After that it calls the function to create a Tree of each Quad.

public void initQuadTree(int depth)
{
vertexList = new List<VertexPositionColorNormal>();
indexList = new List<int>();
steps = depth;

Vector3 p1 = new Vector3(-1,1,-1); Vector3 p2 = new Vector3(-1,1,1); Vector3 p3 = new Vector3(1,1,1); Vector3 p4 = new Vector3(1,1,-1);
Vector3 p5 = new Vector3(-1,-1,-1); Vector3 p6 = new Vector3(-1,-1,1); Vector3 p7 = new Vector3(1,-1,1); Vector3 p8 = new Vector3(1,-1,-1);

}


buildTree is a simple Recursive Methode which init all Children of the Roots to have valid values

public void buildTree(Quad current,int steps)
{
if(steps == 0)
{
return;
}
else
{
Vector3 p1; Vector3 p2; Vector3 p3; Vector3 p4;

p1 = current.positions[0].Position;
p2 = (current.positions[0].Position+current.positions[1].Position) / 2f;
p3 = (current.positions[0].Position+current.positions[2].Position) / 2f;
p4 = (current.positions[0].Position+current.positions[3].Position) / 2f;
current.children[0] = new Quad(p1, p2, p3, p4);
buildTree(current.children[0], steps - 1);

p1 = (current.positions[0].Position + current.positions[1].Position) / 2f;
p2 = current.positions[1].Position;
p3 = (current.positions[1].Position + current.positions[2].Position) / 2f;
p4 = (current.positions[0].Position + current.positions[2].Position) / 2f;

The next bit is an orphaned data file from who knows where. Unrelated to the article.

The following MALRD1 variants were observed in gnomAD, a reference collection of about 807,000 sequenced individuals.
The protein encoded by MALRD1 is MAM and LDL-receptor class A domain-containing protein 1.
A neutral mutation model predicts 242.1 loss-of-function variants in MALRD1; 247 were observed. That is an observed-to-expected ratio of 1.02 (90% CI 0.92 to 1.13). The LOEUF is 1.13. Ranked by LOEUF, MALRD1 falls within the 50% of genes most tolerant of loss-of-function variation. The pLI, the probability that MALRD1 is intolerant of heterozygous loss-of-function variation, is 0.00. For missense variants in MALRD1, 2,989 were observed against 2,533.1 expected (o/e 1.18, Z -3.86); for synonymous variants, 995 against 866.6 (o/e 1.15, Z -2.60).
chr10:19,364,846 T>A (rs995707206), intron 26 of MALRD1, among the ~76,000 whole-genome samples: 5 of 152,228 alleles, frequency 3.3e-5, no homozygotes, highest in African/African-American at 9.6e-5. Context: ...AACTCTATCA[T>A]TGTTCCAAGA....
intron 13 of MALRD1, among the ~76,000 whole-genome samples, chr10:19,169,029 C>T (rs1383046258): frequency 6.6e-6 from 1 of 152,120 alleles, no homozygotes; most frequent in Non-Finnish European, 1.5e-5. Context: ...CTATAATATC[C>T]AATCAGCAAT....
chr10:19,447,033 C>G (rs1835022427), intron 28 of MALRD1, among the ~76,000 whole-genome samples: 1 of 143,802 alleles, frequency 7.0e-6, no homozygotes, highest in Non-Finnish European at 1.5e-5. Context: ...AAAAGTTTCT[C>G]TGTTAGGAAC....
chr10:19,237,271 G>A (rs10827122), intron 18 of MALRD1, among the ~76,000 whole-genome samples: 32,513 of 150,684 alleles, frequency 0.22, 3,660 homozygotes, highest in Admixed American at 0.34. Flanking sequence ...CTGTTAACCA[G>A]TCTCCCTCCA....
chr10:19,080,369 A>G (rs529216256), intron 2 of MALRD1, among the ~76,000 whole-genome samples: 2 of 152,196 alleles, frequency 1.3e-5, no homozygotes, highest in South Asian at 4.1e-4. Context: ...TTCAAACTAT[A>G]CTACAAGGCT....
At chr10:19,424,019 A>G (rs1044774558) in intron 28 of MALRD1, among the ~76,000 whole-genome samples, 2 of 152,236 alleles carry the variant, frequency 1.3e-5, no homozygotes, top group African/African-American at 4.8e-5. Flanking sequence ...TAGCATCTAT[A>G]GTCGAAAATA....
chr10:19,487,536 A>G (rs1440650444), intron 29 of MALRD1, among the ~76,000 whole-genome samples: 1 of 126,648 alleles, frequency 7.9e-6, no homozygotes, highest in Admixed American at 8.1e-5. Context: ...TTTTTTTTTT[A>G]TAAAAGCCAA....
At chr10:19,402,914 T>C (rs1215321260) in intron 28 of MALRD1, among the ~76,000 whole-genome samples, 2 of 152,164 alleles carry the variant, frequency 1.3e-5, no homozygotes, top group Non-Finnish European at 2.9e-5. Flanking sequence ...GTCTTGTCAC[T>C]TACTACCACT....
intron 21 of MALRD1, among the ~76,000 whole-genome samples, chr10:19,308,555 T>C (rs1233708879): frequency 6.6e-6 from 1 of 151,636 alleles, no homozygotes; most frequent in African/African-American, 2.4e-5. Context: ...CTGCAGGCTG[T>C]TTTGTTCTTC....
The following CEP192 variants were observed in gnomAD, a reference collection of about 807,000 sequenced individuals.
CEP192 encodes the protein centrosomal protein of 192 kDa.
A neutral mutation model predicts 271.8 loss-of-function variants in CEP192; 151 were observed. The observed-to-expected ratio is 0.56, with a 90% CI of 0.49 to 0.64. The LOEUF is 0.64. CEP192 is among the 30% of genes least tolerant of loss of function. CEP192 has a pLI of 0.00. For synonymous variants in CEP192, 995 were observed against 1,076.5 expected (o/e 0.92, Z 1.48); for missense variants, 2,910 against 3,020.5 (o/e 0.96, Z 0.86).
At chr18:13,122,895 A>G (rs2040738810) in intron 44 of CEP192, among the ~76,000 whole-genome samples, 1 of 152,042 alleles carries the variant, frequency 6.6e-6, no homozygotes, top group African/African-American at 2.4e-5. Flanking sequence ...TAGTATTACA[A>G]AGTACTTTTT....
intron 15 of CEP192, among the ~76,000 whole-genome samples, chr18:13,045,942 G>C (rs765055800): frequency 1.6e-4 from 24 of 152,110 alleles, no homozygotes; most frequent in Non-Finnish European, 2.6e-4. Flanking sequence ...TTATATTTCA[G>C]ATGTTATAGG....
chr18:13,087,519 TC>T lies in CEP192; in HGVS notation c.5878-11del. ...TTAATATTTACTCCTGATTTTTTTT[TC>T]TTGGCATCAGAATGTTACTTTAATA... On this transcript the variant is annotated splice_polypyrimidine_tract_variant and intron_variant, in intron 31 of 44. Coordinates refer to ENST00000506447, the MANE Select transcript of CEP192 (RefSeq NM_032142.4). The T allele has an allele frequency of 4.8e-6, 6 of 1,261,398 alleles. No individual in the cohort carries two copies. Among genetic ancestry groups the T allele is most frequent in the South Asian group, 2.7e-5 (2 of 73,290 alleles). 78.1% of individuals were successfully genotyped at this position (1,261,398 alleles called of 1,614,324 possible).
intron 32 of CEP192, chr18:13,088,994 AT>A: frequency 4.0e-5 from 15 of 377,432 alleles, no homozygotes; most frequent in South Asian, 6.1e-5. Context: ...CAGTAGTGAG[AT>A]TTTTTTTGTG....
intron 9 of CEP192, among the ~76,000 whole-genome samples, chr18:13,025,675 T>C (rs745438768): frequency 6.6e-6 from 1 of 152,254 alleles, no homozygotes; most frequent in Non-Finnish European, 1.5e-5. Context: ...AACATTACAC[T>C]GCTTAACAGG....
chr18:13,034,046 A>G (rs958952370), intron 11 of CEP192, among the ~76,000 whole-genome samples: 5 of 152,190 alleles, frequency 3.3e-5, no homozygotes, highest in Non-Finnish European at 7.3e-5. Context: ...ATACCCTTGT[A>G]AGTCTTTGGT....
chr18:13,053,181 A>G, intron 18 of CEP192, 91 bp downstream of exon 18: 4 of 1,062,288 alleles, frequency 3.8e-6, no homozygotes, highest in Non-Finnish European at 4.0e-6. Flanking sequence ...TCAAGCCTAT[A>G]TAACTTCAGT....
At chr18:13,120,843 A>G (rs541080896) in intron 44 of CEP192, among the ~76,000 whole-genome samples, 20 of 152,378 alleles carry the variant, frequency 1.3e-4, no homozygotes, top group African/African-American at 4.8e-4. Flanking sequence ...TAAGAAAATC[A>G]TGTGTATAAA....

current.children[1] = new Quad(p1, p2, p3, p4);
buildTree(current.children[1], steps - 1);

p1 = (current.positions[0].Position + current.positions[2].Position) / 2f;
p2 = (current.positions[1].Position + current.positions[2].Position) / 2f;
p3 = current.positions[2].Position;
p4 = (current.positions[2].Position + current.positions[3].Position) / 2f;
current.children[2] = new Quad(p1, p2, p3, p4);
buildTree(current.children[2], steps - 1);

p1 = (current.positions[0].Position + current.positions[3].Position) / 2f;
p2 = (current.positions[0].Position + current.positions[2].Position) / 2f;
p3 = (current.positions[2].Position + current.positions[3].Position) / 2f;
p4 = current.positions[3].Position;
current.children[3] = new Quad(p1, p2, p3, p4);
buildTree(current.children[3], steps - 1);
}
}


Here I need some improvements to keep it a reader-friendy haha.

The Last New Methode is the translation of the Tree into the List. Its still a TODO as it needs improvements of performance but for now it works just fine.

It is also recursive, but other than the buildTree, it goes straight to the end of each Tree and get the leaves. Then it checks the List if the Vector already exists and decides if the Vertex gets submited or the Index just points to a previous one.

public void copyToBuffers(int depth, Quad currentQuad)
{
if(depth != 0)
{
for (int i = 0; i < 4; i++)
}
else
{
bool[] exists = new bool[4];
int[] index = new int[4];
for (int i = 0; i < 4; i++)
{

for (int j = 0; j < vertexList.Count; j++)
{
if (vertexList.Count != 0 && currentQuad.positions[i].Position == vertexList[j].Position && i!=j)
{